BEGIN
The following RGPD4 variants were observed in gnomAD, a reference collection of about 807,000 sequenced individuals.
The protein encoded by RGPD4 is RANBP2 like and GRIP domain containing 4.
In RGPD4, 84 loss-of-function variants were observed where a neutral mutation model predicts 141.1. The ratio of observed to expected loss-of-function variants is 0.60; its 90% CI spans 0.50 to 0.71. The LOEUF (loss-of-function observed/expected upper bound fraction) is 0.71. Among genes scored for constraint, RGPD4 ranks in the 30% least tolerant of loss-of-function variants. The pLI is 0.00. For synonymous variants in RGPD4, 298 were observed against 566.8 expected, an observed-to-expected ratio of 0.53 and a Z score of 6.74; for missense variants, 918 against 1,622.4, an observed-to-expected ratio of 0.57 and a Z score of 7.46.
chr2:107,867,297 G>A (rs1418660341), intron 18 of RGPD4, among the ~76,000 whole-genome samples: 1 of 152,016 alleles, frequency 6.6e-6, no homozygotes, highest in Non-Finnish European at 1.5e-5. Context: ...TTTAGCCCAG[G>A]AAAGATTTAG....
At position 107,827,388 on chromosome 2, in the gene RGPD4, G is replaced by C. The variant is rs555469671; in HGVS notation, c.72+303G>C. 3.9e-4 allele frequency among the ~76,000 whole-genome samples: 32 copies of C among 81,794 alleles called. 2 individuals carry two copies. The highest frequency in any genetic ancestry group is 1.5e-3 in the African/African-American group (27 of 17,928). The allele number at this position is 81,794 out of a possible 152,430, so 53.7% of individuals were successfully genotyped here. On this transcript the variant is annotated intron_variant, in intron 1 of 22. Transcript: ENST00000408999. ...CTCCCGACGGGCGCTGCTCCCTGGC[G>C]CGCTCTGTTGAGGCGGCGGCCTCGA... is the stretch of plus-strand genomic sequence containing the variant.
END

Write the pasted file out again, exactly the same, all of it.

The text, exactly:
The following RGPD4 variants were observed in gnomAD, a reference collection of about 807,000 sequenced individuals.
The protein encoded by RGPD4 is RANBP2 like and GRIP domain containing 4.
In RGPD4, 84 loss-of-function variants were observed where a neutral mutation model predicts 141.1. The ratio of observed to expected loss-of-function variants is 0.60; its 90% CI spans 0.50 to 0.71. The LOEUF (loss-of-function observed/expected upper bound fraction) is 0.71. Among genes scored for constraint, RGPD4 ranks in the 30% least tolerant of loss-of-function variants. The pLI is 0.00. For synonymous variants in RGPD4, 298 were observed against 566.8 expected, an observed-to-expected ratio of 0.53 and a Z score of 6.74; for missense variants, 918 against 1,622.4, an observed-to-expected ratio of 0.57 and a Z score of 7.46.
chr2:107,867,297 G>A (rs1418660341), intron 18 of RGPD4, among the ~76,000 whole-genome samples: 1 of 152,016 alleles, frequency 6.6e-6, no homozygotes, highest in Non-Finnish European at 1.5e-5. Context: ...TTTAGCCCAG[G>A]AAAGATTTAG....
At position 107,827,388 on chromosome 2, in the gene RGPD4, G is replaced by C. The variant is rs555469671; in HGVS notation, c.72+303G>C. 3.9e-4 allele frequency among the ~76,000 whole-genome samples: 32 copies of C among 81,794 alleles called. 2 individuals carry two copies. The highest frequency in any genetic ancestry group is 1.5e-3 in the African/African-American group (27 of 17,928). The allele number at this position is 81,794 out of a possible 152,430, so 53.7% of individuals were successfully genotyped here. On this transcript the variant is annotated intron_variant, in intron 1 of 22. Transcript: ENST00000408999. ...CTCCCGACGGGCGCTGCTCCCTGGC[G>C]CGCTCTGTTGAGGCGGCGGCCTCGA... is the stretch of plus-strand genomic sequence containing the variant.